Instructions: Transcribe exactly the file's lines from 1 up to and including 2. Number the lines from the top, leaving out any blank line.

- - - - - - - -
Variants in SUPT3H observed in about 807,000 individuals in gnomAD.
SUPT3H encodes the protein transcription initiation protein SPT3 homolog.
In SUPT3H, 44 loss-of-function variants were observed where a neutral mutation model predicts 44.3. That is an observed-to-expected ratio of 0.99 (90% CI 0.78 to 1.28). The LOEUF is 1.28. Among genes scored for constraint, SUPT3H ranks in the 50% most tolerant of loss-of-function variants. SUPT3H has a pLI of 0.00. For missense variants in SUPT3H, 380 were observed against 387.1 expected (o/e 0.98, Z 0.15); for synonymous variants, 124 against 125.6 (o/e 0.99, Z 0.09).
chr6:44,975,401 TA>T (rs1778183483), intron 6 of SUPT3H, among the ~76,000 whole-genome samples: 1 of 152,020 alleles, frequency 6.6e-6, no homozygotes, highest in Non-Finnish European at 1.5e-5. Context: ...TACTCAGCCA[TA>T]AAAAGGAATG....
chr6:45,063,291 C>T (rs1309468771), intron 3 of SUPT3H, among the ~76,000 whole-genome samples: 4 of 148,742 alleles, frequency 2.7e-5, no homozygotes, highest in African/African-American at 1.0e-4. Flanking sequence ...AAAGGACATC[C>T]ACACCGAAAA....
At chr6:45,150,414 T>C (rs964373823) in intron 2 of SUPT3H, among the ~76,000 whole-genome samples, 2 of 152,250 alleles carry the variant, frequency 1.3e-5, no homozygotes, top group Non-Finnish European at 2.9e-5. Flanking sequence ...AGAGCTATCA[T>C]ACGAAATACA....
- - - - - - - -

Variants in SUPT3H observed in about 807,000 individuals in gnomAD.
SUPT3H encodes the protein transcription initiation protein SPT3 homolog.